Item #1: Smallest in the world
The title is:
“Little penguins get nesting boxes made by Albany Men’s Shed . . .”The scientific name is Eudyptula minor so I went to Wikipedia: “The genus Eudyptula (“good little diver”) contains two species of penguin, found in southern Australia, Tasmania, and New Zealand (including the Chatham Islands). They are commonly known as the little penguin, little blue penguin, or, in Australia, fairy penguin. In the language of the Māori people of New Zealand, little penguins are known as kororā..”
Story is here: Men’s Shed builds boxes
The boxes will help researchers more easily tag and track the penguins, . . .
Fine, but about that “Men’s Shed” thing – I looked it up. There is an organization that provides services to promote independence among frail, aged, and disabled people – and their carers.
Men’s sheds or community sheds are non-profit local organizations that provide a space for craft work and social interaction. The movement originated in Australia as a way to improve the health and well being of older men.
I’m getting a bit aged, but the existence of these is new. However, we have recently learned that some folks gather at a shed at the Ellensburg International Organization of Odd Fellows (IOOF) Cemetery on Saturday mornings – to fix things. We don’t know much more, but soon will. We have some older bicycles that will soon emerge from our own shed. As far as we know they are in good shape, except maybe the tires. If the folks at the shed want them, we’ll donate them and, when cleaned up, they can be sold or donated to support the work.
So, more of this in a couple of weeks.
Item #2: Good week for words
A fellow named John Tierney published an opinion in something called “City Journal” and reprinted by the Wall Street Journal.
The title and subtitle are:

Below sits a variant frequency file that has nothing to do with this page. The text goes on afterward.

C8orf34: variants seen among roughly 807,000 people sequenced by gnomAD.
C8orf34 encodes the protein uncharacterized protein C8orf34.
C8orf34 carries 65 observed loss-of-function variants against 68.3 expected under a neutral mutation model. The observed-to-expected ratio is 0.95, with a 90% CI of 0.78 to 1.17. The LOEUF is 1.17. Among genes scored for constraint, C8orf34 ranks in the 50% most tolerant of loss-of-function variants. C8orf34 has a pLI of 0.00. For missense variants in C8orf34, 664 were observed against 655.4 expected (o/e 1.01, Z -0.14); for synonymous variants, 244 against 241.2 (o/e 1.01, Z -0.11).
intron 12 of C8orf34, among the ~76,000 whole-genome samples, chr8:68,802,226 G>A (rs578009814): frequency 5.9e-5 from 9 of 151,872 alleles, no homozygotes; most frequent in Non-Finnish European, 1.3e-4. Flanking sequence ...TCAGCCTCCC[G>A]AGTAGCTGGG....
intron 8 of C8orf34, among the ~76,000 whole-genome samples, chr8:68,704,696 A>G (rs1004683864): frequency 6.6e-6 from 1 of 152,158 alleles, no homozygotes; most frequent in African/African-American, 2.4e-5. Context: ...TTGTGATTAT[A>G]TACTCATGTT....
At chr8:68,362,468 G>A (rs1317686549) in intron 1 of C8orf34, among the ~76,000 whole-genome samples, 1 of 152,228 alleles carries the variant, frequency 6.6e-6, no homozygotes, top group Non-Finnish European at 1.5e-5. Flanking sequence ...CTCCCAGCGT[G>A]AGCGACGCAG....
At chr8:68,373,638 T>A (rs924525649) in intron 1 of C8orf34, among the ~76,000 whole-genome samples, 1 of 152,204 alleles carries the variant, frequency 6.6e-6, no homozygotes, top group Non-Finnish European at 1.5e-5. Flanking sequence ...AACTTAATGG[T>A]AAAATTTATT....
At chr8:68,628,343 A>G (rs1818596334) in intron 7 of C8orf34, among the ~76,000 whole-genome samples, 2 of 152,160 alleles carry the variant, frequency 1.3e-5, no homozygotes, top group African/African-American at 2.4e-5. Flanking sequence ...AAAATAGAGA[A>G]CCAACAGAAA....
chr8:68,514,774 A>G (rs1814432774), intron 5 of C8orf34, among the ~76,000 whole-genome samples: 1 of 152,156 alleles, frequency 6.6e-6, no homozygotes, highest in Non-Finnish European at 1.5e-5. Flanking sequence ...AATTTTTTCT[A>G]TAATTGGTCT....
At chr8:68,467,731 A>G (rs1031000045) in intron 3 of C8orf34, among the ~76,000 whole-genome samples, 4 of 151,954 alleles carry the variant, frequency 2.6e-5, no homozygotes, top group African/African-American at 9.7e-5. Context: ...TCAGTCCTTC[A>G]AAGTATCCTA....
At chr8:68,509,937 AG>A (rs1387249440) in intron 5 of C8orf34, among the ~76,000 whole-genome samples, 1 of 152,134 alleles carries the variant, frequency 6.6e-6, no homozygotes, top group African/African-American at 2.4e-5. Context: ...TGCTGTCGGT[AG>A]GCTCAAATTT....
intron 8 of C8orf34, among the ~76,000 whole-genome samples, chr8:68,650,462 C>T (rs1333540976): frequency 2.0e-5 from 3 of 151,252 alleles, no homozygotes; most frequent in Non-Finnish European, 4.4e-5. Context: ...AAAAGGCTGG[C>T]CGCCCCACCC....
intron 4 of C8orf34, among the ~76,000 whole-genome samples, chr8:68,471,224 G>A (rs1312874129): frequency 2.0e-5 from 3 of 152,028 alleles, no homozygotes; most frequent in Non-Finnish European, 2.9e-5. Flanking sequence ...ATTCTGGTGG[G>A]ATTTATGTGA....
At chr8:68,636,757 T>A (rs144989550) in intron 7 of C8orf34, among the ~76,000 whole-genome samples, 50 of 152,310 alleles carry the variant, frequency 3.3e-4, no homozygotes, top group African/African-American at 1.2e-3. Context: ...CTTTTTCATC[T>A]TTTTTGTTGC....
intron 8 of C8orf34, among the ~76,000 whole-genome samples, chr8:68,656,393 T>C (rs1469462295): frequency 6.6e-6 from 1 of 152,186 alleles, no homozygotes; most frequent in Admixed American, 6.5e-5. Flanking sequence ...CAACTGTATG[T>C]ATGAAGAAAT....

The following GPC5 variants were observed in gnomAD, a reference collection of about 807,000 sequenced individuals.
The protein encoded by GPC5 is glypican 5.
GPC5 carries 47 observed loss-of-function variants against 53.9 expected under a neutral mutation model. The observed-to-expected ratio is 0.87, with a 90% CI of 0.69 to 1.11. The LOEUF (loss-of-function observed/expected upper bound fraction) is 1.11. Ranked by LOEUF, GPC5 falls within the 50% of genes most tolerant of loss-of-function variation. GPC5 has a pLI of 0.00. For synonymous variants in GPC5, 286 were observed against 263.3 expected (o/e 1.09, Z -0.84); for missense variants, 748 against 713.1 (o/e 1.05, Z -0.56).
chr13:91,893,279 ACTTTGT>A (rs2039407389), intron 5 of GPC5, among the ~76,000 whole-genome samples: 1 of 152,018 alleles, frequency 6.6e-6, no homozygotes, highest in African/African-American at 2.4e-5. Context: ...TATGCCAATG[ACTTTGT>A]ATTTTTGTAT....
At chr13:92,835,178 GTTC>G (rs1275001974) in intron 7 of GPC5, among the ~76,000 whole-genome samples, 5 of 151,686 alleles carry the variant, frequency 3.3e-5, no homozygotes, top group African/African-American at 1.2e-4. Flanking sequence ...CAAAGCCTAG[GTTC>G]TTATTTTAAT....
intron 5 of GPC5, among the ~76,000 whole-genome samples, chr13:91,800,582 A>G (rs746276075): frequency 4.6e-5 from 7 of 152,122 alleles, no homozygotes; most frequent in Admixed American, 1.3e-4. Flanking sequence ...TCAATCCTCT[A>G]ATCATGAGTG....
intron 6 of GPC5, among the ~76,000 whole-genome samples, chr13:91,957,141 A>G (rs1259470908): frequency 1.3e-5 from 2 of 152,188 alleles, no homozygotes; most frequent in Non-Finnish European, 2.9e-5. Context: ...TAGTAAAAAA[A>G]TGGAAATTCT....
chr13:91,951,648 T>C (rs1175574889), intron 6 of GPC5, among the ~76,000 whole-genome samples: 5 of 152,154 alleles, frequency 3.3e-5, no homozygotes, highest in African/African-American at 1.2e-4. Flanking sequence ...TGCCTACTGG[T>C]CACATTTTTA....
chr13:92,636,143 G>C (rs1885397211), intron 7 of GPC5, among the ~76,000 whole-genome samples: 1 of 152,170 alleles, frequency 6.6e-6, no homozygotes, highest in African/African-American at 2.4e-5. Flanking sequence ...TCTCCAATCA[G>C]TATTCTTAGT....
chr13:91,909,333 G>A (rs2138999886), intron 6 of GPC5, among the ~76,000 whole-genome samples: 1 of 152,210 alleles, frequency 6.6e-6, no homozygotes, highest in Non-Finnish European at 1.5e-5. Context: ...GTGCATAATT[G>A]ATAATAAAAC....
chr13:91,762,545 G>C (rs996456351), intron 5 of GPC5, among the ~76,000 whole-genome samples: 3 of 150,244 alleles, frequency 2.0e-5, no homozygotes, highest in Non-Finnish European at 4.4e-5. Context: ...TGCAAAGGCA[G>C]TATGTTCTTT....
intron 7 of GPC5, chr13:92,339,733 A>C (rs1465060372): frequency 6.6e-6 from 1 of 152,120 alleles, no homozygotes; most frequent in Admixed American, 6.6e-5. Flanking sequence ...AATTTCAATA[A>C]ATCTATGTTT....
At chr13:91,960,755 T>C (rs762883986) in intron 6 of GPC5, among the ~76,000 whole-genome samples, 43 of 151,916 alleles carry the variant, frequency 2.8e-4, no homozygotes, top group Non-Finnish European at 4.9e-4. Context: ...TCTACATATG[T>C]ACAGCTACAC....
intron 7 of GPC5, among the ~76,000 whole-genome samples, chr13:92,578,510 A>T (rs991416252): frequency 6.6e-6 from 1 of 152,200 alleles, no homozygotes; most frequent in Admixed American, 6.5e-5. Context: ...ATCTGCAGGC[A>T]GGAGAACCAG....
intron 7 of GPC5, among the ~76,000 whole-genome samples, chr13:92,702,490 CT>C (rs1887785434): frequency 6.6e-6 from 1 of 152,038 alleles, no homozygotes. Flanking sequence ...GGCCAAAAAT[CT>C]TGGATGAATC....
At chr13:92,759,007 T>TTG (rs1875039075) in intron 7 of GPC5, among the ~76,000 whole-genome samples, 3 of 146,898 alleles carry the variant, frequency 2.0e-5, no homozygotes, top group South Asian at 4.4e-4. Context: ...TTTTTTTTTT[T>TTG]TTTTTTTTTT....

“Plastic Bags Help the Environment
Banning them provides no benefit other than to let activists lord their preferences over others. ”
Down on the page there is this statement: (my bold)
“ Plastic bans are a modern version of medieval sumptuary laws, which forbade merchants and other commoners to wear clothes or use products that offended the sensibilities of aristocrats and clergymen.”
We have long used cardboard boxes to carry goods from stores – each of our cars have two such, with reinforced handles fashioned for easy carrying. Thus, when Ellensburg “aristocrats” instituted a 5¢ charge for single-use carry-out bags we hardly noticed. And because plastic is used throughout – produce, meats, cheese – we often leave the grocery store with much plastic in our cardboard box.
In any case, I had to look up Sumptuary laws
Laws made for the purpose of restraining luxury or extravagance, particularly against inordinate expenditures for apparel, food, furniture, etc. Historically, they were intended to regulate and reinforce social hierarchies and morals through restrictions on clothing, food, and luxury expenditures, often depending on a person’s social rank.
I’ve always like this word (also compensatory) and think it should be used more often in place of cycle. My current rant is about the rise and fall of water levels of the Great Lakes. Folks are losing land, and a few homes (or moving them), to rising water.
An earlier report – 2014 – was about the declining lake levels and all the problems that caused.